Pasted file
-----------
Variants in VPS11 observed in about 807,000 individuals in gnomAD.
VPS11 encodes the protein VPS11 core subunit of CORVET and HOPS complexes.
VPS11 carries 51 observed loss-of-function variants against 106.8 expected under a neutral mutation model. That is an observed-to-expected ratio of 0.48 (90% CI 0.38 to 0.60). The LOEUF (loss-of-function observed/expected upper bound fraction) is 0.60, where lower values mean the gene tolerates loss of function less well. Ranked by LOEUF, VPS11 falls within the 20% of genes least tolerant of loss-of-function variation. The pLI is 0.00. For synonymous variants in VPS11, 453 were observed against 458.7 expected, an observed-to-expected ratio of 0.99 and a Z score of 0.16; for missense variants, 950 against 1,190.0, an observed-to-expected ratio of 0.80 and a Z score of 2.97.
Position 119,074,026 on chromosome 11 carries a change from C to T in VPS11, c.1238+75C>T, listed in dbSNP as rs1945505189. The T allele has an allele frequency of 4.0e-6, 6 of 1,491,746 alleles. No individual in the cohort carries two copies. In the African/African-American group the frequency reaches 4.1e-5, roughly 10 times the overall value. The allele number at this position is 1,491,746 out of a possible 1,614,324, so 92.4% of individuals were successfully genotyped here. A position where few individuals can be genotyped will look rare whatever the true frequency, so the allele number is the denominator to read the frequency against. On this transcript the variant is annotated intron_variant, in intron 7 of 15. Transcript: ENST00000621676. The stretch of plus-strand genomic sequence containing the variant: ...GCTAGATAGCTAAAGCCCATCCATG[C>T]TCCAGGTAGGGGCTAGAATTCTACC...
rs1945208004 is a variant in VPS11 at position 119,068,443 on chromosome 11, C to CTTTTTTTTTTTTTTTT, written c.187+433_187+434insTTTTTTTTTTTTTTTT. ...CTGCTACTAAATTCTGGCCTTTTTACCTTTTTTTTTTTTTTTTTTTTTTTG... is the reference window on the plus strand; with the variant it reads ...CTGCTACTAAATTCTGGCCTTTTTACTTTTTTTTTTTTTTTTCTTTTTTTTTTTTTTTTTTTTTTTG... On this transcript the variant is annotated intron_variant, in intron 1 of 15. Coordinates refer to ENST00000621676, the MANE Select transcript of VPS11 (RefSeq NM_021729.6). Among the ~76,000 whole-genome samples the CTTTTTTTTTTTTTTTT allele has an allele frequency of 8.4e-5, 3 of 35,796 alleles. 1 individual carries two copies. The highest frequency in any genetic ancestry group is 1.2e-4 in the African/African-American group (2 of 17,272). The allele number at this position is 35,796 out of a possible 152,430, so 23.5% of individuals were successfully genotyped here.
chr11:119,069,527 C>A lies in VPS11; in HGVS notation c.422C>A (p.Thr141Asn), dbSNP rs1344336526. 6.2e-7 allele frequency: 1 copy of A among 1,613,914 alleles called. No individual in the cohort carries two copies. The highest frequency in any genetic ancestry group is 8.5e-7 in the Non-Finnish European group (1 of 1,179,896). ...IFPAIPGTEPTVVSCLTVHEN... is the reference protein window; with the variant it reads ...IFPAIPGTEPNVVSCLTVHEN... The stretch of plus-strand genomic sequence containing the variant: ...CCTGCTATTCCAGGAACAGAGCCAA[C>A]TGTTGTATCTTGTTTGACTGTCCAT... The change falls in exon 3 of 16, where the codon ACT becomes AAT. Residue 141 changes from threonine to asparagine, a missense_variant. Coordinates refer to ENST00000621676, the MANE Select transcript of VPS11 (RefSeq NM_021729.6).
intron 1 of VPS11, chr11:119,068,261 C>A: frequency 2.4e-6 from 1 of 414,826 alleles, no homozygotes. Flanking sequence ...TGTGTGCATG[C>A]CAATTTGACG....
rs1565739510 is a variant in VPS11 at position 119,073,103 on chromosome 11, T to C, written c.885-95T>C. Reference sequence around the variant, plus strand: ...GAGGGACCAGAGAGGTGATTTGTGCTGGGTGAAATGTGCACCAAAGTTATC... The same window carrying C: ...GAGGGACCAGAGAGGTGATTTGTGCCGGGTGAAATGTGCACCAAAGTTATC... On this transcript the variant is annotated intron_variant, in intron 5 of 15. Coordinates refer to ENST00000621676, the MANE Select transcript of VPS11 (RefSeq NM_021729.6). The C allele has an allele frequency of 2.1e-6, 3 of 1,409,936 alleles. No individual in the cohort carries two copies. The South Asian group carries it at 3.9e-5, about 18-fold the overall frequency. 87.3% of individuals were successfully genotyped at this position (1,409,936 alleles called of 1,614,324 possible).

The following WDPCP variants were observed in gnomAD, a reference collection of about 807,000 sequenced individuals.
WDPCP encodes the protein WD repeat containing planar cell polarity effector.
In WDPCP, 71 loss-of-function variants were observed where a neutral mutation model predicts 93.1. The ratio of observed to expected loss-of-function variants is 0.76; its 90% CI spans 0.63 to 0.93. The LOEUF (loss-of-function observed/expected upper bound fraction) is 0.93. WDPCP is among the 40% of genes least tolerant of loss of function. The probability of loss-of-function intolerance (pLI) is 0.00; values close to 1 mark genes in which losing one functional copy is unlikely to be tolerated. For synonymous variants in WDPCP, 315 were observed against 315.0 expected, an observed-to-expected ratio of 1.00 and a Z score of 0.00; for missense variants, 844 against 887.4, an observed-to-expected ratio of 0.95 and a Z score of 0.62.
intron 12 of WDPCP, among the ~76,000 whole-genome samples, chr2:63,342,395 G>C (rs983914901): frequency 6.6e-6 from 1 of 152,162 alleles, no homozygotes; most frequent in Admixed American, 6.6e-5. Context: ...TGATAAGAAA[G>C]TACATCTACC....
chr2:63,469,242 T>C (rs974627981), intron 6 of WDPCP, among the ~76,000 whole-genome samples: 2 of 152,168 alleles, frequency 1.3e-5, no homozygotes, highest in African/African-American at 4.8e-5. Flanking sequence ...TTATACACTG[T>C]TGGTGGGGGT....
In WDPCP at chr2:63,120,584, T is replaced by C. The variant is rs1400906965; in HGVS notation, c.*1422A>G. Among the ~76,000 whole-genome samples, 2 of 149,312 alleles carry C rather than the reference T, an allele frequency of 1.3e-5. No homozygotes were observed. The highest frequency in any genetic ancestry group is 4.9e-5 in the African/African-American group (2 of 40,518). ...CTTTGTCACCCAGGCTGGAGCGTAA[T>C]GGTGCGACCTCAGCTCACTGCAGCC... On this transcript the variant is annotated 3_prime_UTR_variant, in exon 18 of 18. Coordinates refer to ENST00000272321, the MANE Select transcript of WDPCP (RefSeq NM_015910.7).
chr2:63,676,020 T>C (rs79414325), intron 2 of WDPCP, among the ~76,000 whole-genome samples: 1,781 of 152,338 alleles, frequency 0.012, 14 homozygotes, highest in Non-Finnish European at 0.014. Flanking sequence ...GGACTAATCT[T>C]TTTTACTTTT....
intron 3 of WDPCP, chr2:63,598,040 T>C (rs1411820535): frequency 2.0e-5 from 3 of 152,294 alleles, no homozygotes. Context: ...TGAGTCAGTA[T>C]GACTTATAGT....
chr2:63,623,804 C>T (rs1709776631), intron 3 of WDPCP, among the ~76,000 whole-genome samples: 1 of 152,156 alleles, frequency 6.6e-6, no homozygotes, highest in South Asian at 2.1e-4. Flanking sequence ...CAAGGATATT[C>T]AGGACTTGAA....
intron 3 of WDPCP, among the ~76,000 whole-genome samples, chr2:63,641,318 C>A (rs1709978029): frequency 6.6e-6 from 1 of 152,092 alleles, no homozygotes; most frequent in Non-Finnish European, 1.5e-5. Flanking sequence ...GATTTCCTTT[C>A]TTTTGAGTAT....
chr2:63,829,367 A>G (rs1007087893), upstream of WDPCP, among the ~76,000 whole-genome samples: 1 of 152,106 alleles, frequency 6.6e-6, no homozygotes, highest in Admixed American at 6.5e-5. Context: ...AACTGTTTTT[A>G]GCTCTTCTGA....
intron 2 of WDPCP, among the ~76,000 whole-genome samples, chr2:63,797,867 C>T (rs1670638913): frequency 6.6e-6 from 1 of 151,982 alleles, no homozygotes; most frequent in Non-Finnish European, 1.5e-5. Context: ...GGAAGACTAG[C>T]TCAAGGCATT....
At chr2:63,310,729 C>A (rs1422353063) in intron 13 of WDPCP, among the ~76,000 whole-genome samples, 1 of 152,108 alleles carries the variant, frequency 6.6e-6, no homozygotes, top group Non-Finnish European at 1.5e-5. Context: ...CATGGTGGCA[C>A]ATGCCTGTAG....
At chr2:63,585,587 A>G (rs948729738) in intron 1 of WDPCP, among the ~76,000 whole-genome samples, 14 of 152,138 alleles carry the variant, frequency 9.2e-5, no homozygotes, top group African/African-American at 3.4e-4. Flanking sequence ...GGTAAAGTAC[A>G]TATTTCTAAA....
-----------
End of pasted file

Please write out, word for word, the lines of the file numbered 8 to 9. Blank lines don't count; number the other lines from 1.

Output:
rs1565739510 is a variant in VPS11 at position 119,073,103 on chromosome 11, T to C, written c.885-95T>C. Reference sequence around the variant, plus strand: ...GAGGGACCAGAGAGGTGATTTGTGCTGGGTGAAATGTGCACCAAAGTTATC... The same window carrying C: ...GAGGGACCAGAGAGGTGATTTGTGCCGGGTGAAATGTGCACCAAAGTTATC... On this transcript the variant is annotated intron_variant, in intron 5 of 15. Coordinates refer to ENST00000621676, the MANE Select transcript of VPS11 (RefSeq NM_021729.6). The C allele has an allele frequency of 2.1e-6, 3 of 1,409,936 alleles. No individual in the cohort carries two copies. The South Asian group carries it at 3.9e-5, about 18-fold the overall frequency. 87.3% of individuals were successfully genotyped at this position (1,409,936 alleles called of 1,614,324 possible).

The following WDPCP variants were observed in gnomAD, a reference collection of about 807,000 sequenced individuals.